When I heard about it, kale was a runway heartthrob.
Packed full of antioxidants, anti-inflammatory, and loaded with iron, Vitamin K and cardiovascular support: what else could you want in a vegetable? Lots of fiber, very little carbs, no fat.
So I grew some for two years before I knew what to do with it. Vegetable relationships require a warming up period, it seems, but now I’m truly, madly and absolutely in love.
It’s those common relationship mistakes that kept us apart so long.
Direct sowing doesn’t work so well here. Before kale plants are ready to harvest, bugs descend, and who wants to eat buggy greens? And by the time I thought they were big enough to eat, in the summer heat, the curly kale I grew was tough and bitter. Not all that attractive.
I started kale this spring in greenhouse flats about the same time as their cruciferous (brassica) cousins: cabbage, cauliflower, mustard greens and brussels sprouts. Kale loved the cool start and thrived inter-planted with herbs and lettuce in early spring.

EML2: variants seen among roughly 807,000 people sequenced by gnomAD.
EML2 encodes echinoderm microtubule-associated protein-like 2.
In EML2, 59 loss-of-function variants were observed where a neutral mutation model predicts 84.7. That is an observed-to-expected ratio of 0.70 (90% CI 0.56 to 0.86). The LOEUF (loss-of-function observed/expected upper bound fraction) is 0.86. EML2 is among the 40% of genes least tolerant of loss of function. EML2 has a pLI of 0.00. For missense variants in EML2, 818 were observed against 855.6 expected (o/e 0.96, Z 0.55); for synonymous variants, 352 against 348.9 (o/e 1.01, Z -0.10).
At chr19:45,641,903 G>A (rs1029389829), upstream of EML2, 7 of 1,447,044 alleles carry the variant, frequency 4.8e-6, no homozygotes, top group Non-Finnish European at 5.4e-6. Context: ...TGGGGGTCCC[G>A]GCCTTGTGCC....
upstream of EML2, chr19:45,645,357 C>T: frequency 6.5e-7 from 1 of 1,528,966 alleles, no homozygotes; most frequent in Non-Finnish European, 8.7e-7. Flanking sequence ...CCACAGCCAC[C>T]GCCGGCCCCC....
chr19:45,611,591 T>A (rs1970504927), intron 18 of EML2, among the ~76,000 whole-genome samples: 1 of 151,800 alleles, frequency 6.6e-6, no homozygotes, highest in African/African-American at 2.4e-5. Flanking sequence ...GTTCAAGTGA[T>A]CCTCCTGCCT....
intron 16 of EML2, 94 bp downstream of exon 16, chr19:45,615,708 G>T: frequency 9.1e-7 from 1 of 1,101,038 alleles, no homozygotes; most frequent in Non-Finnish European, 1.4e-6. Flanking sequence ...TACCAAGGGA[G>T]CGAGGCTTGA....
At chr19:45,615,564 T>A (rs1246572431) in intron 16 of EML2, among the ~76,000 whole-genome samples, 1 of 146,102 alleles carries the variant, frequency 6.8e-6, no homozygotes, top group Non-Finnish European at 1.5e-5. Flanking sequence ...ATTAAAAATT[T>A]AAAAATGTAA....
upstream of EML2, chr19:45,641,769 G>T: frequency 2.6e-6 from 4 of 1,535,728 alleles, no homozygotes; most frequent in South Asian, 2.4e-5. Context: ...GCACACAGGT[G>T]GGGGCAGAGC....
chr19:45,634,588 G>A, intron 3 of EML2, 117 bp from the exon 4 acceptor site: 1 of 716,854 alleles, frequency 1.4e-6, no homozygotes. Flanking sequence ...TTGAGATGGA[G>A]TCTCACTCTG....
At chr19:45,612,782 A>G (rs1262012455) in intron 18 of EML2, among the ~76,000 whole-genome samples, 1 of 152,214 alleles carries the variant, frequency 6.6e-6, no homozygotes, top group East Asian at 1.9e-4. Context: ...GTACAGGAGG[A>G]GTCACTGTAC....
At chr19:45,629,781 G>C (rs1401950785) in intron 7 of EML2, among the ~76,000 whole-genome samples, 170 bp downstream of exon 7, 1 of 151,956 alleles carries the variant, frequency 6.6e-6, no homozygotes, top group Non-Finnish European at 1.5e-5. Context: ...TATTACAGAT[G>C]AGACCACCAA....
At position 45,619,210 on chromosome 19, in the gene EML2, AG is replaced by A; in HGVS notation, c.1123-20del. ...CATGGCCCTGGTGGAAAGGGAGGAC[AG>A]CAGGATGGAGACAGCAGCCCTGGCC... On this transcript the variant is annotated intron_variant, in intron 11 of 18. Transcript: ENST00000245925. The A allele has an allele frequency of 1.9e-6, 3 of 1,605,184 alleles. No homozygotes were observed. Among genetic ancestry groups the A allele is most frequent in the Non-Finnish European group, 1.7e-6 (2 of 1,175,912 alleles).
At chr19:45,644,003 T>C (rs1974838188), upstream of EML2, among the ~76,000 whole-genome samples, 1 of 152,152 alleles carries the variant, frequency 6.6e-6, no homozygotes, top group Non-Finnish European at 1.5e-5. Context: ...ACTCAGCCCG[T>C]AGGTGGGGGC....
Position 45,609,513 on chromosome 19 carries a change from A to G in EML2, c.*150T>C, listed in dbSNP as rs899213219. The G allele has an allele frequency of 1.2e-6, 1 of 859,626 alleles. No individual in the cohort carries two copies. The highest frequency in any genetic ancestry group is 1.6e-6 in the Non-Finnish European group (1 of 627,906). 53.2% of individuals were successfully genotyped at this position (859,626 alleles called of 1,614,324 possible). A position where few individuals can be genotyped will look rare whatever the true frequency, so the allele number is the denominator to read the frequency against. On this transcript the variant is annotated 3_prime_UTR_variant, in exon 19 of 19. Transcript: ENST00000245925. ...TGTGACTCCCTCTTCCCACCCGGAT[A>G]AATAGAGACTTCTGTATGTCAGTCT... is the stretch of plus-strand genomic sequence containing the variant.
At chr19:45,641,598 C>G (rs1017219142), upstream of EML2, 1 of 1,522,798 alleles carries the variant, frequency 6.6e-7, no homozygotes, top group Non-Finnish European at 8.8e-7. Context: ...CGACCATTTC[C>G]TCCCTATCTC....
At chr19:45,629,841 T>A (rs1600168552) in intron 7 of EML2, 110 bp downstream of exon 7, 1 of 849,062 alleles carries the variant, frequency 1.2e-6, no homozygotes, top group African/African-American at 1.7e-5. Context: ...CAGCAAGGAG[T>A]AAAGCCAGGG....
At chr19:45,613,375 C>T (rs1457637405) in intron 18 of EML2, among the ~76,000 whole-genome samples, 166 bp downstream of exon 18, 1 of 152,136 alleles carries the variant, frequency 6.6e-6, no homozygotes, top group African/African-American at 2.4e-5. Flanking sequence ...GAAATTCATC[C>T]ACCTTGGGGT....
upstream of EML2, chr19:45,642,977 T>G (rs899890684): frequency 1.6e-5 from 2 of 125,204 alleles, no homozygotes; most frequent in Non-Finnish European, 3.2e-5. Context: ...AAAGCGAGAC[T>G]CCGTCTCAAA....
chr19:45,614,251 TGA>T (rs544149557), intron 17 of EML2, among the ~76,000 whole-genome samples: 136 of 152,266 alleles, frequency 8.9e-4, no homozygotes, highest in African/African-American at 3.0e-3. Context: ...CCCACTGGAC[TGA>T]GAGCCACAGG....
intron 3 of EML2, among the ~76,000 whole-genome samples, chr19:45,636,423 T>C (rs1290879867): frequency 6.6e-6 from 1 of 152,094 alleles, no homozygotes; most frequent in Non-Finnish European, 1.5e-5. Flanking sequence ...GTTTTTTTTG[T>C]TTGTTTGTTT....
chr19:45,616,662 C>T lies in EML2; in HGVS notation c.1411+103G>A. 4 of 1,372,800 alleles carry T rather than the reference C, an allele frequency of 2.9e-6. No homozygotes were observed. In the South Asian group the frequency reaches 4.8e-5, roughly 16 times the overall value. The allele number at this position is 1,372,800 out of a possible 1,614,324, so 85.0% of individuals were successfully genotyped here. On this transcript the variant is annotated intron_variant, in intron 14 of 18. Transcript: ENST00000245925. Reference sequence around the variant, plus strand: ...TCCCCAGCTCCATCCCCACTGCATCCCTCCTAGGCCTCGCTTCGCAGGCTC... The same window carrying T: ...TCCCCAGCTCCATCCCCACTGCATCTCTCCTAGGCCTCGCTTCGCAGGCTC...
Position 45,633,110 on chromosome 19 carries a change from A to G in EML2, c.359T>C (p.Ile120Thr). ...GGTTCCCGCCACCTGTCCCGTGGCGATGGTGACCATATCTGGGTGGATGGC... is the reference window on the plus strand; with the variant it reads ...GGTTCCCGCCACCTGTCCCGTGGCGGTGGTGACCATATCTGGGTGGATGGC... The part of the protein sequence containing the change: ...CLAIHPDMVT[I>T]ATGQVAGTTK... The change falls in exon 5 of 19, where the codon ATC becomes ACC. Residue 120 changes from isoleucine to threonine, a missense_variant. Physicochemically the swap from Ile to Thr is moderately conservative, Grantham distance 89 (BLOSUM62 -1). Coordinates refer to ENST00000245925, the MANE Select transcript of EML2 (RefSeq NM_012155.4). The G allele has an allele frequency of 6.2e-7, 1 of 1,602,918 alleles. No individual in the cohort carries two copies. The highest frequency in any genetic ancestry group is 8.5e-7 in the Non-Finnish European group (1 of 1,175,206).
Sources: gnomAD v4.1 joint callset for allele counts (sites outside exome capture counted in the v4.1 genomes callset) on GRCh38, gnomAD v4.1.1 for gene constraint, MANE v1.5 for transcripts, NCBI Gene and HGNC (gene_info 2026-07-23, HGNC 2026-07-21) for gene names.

So I ate it early too. For breakfast. Everyday.
Juice one lemon (if you dare), add one organic banana, one ice cube and a handful of kale packed as close to the blade on your blender as possible. Add mint leaves for more of a punch if you like, and in-season berries or ground flax, but only enough water to process this slurry. Kale chips also thrill me.
I’m hooked. Red Russian Kale is my favorite, but curly kale works fine too. The secret is to keep going back for more. The more you harvest kale, the better looking your plants.
“I’m done my kale,” a friend told me some weeks ago, “It went all buggy.”
Precisely why you should harvest, water it and give it some love with fertilizer. Pick bottom (oldest) leaves first and prevent the bugs from colonizing by harvesting often, before the butterfly eggs hatch. They’re not hard to wash off this leafy vegetable either.
Even kale planted (devoured) for forage in a chick run grew back a few weeks after the chicks moved.
Winning the bug race can be hit and miss with cabbages and cauliflower. If the worms settle into the head, you’re not getting a nice vegetable. However, growing resilient kale means many opportunities for success and happy ever after.